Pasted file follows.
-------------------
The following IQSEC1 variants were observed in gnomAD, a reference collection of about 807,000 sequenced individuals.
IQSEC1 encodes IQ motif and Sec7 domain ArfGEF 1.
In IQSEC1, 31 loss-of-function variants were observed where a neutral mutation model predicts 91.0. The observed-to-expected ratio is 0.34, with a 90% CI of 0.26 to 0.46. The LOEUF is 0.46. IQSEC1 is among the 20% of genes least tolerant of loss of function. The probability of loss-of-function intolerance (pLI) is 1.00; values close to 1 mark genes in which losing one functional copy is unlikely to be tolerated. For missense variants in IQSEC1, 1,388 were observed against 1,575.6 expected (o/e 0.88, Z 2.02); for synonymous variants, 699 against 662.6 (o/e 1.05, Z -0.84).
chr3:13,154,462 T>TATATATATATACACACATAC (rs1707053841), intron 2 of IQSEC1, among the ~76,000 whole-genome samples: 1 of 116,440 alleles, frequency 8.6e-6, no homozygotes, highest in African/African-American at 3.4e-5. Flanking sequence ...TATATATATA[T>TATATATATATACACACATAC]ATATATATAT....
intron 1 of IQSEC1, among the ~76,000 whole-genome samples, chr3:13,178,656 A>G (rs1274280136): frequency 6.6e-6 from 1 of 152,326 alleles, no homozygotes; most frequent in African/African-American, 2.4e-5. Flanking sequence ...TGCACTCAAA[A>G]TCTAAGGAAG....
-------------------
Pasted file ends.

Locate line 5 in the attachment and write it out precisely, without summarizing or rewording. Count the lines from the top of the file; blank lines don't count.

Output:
intron 1 of IQSEC1, among the ~76,000 whole-genome samples, chr3:13,178,656 A>G (rs1274280136): frequency 6.6e-6 from 1 of 152,326 alleles, no homozygotes; most frequent in African/African-American, 2.4e-5. Flanking sequence ...TGCACTCAAA[A>G]TCTAAGGAAG....